The curse of being positioned in Christ is that the world hates Christ (Jn 7:7); and therefore, it hates Christians (Jn 15:18). This means Christians have trouble in the world. Atheists and religious people alike despise Christians because we are peculiar people. Without religious costumes, the only way the world knows a Christian is by her testimony of love for Jesus and familial love for other Christians. When Jesus did a miracle, people loved Him. When He opened His mouth and told the people the truth, they either left Him or plotted to kill Him. The world celebrates sin, so God has positioned government authorities to curb human penchant for sinful behavior (Rom 13). God has positioned the church to herald the Gospel message of the kingdom of God and Christ. Although this is for the world’s benefit, the message is rejected. The world has a tendency to kill the messengers sent by God. Our position is difficult.
Christianity is a call to faith and suffering. It is intriguing that both of these dimensions are granted by God. People place their trust in Christ because they have heard a profoundly different message from Christians than from the world. Christians have been entrusted with stewardship of the Word of God (1 Cor 4, 9). We preach the Word (2 Tim 4:2). The Word made flesh is Christ (Jn 1:14). Therefore, we speak what we believe. We believe and preach Christ and Him crucified (1 Cor 2:2). Our faith is personal because it is in a Person, who has done what we could not do, in order to be reconciled to God.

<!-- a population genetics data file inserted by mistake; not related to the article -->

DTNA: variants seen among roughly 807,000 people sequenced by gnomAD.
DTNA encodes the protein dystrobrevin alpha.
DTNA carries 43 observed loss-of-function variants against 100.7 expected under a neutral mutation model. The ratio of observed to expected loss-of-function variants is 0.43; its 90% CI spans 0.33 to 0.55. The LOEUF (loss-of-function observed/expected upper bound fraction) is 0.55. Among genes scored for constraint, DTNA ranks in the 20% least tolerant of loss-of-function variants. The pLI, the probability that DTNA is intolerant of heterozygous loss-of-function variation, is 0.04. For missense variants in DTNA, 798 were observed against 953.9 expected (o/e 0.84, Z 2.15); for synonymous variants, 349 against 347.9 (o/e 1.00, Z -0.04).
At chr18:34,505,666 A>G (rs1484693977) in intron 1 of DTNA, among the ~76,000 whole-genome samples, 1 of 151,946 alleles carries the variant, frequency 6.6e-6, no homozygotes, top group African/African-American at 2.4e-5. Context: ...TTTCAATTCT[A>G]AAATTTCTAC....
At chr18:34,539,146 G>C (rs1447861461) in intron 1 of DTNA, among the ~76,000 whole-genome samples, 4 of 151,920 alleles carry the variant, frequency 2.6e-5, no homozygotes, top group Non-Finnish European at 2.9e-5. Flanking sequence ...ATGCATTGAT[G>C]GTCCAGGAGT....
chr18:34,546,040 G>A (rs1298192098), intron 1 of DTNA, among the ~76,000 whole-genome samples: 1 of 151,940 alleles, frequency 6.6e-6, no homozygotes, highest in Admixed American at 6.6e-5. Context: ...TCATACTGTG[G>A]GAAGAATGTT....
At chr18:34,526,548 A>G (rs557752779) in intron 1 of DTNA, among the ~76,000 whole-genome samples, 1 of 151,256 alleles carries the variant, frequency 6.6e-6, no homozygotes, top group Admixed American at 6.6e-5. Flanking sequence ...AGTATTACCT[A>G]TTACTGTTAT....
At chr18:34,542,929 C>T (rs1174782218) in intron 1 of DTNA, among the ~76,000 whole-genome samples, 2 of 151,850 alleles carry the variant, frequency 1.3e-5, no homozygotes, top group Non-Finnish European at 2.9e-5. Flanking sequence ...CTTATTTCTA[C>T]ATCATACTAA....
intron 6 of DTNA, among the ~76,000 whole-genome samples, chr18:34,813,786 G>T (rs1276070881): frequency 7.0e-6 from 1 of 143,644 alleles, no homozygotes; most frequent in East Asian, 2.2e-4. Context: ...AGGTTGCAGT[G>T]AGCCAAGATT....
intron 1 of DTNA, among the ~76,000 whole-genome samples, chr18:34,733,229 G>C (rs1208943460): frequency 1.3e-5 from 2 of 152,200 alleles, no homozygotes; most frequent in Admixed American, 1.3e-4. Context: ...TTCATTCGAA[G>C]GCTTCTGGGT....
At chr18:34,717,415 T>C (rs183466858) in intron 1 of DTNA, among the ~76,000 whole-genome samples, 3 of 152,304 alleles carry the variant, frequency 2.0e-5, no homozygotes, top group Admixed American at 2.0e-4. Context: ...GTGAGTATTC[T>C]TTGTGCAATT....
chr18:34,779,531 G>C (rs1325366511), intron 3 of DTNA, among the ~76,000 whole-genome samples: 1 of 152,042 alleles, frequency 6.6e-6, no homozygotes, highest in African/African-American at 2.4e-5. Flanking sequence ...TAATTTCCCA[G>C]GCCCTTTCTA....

Men hate Christ, as we have noted. Christ is God come into the world. The world did not know Him (Jn 1:5). The world, like Adam and Eve, avoids God. Humanity is at enmity with God (Eph 2:1–3, 12). People are hostile toward God and the things of God (Rom 1:30). Resistance to the Holy Spirit is natural for sinful man. God is holy, and man is unholy. Christ is God, and man is ungodly (Rom 1:18). There is nothing in man that desires God. Man does not seek God (Rom 3:11). Faith in Christ is never the prerogative of sinful man. Christians believe something entirely untenable to the people around us. This makes our existence and our commission to make Christ known very difficult.
Called out from a life of sin (Gal 5:19–20) and to spiritual life in the Spirit of God positions a Christian in tension with the laws and behaviors of the world system. Christians cannot love God and love the world system at the same time (1 Jn 2:15–17). Both demand allegiance and obedience, but they remain diametrically opposed. This means our entire environment makes us aliens. Suffering under these conditions has been “granted” in the same way faith has been “granted” to us (Phil 1:29). This is troubling because it means God has given us what we need most, and at the same time, the trouble we must endure. This is the difficulty of being disciplined by our God and Father (Heb 12). Christians are being sanctified (Jn 17:17). We are in a process of purification. Water and fire are common elements employed to purify something. Christians are washed by the Word (Eph 5:26), and we have the baptism of fire from the Spirit of Christ (Mt 3:11).
Christianity is tested. A discipline must be learned. That is difficult, but it also must be tested. Most students in an education process dislike being tested. It is a great pressure. Although human testing is imperfect, every learning system of any value has testing as an integral component. Christians must test to see if the Spirit of God lives in them by faith (2 Cor 13:5). They must test, to see of the spirits they are dealing with are from God (1 Jn 4:1). They must endure to the end as a test, to prove the preservation grace of God. Christians are Christians to the end. If a person falls away from their testimony of Christ, then they were never Christians in the first place (Heb 6). Christ saves, and Christ preserves His people in the faith, by giving them His abiding Spirit (Rom 8:9, 11; Heb 13:5).